Last Christmas, Michael Delorme and his wife Rebecca received heartbreaking news that would see them searching for an organ donor for the better part of the next year; Michael, whose kidneys started failing a couple of years before, needed a transplant.
Several months later, Michael’s kidney function deteriorated even further — from 11 per cent to less than five per cent — and he was told he needed dialysis while the family waited for a new kidney.
Now, the private contractor takes time away from his young family and busy work schedule to receive dialysis treatments three days a week. Each treatment is a four-hour commitment.
“Life is upside down,” Michael said. “Everything is slower. I raise three children and I have a wife and it’s go, go, go, go, go, and I can’t go anymore.”
Both of Michael’s parents were disqualified as possible donors for health reasons. Worried and not wanting to wait any longer, Rebecca took to Facebook in March, posting in as many online groups and pages she could find.
That’s when Shanda McCutcheon came into their lives.
“I just love him so much and I was determined to do anything I could to find him a kidney,” Rebecca said. “I just happened to post on one page where a wonderful lady found it.”
That post was only on the page for a couple of minutes before it was removed by the administrator — Rebecca suspects it violated the terms of the page.
But those three minutes were long enough for McCutcheon, who saw it and volunteered one of her own kidneys before Michael even made it through the process of being put on a transplant list.
“One post on her Facebook, on a page that didn’t have approval to actually put it on, and some wonderful angel that we don’t know came forward,” Michael said.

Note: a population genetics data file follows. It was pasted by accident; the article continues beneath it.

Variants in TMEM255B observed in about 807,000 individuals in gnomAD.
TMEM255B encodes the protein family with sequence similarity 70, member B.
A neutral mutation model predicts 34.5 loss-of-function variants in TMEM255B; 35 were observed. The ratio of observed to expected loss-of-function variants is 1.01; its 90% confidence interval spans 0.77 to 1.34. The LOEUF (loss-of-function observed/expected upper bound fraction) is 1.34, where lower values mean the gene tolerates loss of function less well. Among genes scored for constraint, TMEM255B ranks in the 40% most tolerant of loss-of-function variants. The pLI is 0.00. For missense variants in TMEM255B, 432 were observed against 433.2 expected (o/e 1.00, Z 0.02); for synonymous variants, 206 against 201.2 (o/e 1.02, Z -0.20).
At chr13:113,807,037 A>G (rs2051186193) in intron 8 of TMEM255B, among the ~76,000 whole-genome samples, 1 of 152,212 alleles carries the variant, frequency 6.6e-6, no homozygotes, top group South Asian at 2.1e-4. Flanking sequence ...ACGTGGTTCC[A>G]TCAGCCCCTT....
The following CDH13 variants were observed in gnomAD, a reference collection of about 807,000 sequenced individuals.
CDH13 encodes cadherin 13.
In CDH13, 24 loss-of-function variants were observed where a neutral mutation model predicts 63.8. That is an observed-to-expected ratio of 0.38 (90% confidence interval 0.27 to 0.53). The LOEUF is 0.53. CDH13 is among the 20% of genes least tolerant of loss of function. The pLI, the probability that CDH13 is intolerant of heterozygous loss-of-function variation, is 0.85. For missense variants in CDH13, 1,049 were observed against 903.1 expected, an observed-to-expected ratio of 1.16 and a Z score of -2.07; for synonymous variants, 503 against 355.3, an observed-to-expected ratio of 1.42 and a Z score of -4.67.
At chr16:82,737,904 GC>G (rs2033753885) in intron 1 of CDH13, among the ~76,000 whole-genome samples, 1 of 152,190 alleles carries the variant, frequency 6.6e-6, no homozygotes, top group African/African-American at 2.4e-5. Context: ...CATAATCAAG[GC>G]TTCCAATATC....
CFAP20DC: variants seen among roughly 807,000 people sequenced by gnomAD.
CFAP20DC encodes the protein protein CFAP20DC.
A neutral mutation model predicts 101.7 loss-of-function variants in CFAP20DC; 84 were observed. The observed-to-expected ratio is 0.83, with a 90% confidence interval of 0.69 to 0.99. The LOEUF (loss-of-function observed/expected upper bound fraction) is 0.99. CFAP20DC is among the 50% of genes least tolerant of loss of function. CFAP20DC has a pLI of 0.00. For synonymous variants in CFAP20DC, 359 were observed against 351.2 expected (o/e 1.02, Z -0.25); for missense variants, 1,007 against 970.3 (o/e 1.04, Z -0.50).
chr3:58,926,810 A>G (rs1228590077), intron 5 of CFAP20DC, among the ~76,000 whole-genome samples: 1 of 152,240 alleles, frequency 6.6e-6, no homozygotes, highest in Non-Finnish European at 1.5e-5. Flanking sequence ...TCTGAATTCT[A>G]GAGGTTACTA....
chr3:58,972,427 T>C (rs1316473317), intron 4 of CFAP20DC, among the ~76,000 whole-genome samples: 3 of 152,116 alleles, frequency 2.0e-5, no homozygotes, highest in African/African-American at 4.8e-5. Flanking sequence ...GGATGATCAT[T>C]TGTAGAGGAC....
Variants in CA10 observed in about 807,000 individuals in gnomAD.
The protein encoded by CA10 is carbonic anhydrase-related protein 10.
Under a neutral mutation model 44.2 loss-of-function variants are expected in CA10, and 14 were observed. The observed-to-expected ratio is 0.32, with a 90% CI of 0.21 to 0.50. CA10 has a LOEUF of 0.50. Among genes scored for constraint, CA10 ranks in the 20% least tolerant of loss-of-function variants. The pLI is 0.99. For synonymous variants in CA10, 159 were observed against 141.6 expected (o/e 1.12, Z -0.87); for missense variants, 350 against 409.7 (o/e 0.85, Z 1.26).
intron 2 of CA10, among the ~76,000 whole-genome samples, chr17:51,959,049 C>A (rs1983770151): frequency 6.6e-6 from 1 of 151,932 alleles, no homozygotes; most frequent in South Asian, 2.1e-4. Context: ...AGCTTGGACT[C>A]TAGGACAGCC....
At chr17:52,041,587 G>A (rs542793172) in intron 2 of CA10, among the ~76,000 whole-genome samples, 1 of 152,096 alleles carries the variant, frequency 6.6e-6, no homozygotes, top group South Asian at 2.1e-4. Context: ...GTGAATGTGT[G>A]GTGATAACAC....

“It was just a familiar nudge, I guess, of the heart strings…that this is what I wanted to do,” McCutcheon said.
McCutcheon is a strong advocate for organ donation, explaining she encountered it a lot in her personal and professional lives. When her mother died 17 years ago, she was a multi-organ and tissue donor. Through advocacy work in the years since, she’s met several recipients and saw how their lives were changed thanks to transplants.
“The fact that Mike had young children at home and the struggle that he’s had,” McCutcheon said. “I’ve been fortunate enough to meet other recipients and I know a little bit about the ordeal those health issues bring and how hard it is.
“My daughter’s grown and raised and I thought he could have the chance to do the same with his kids.”
From complete strangers to dear friends
For live donation, it was a requirement for McCutcheon to meet Michael and Rebecca before donating her organ, or McCutcheon’s kidney could have been directed to another recipient.
The trio met over coffee and exchanged life stories, starting their donor-recipient journey that soon developed into a special friendship.
“I really like them; like we clicked right away. I met them first, then I met Mike’s mom and dad,” McCutcheon said. “Mike feels like another big brother for me.”
Just two months ago, confirmation came that McCutcheon was a match. She and Michael are in the end stages of all their testing and waiting for a date to be determined — which Michael hopes will come in less than a couple of months’ time.
Michael admits that when McCutcheon first reached out, he didn’t know how bad his kidneys were and what kind of toll the dialysis would take on him and his family.
“I can say that since I’ve been on dialysis, mentally, I am so grateful. But at that time I was grateful, but I didn’t know how bad I needed that kidney.
“How grateful I am to have that second chance at life, really.”
Taking it further than organ donation
Not only has McCutcheon offered to donate her kidney, she’s also created an online fundraiser to help the family offset their costs when Michael has his surgery and is off work.
“I feel like just even a little bit…I can take a little bit of that financial pressure off,” she said.
For Michael and Rebecca, it’s just another thing their “angel” McCutcheon has done to completely change their lives.
“There’s a lot of rays of hope,” Michael said. “I’m very grateful for what’s coming and like I said, it all comes down to, in my opinion… how much better life will be.”
“Pinch me! I need to wake up,” Rebecca said.
“I just want people to know that stories like this do happen — we’re living proof of it.”
— With files from Global’s Tony Tighe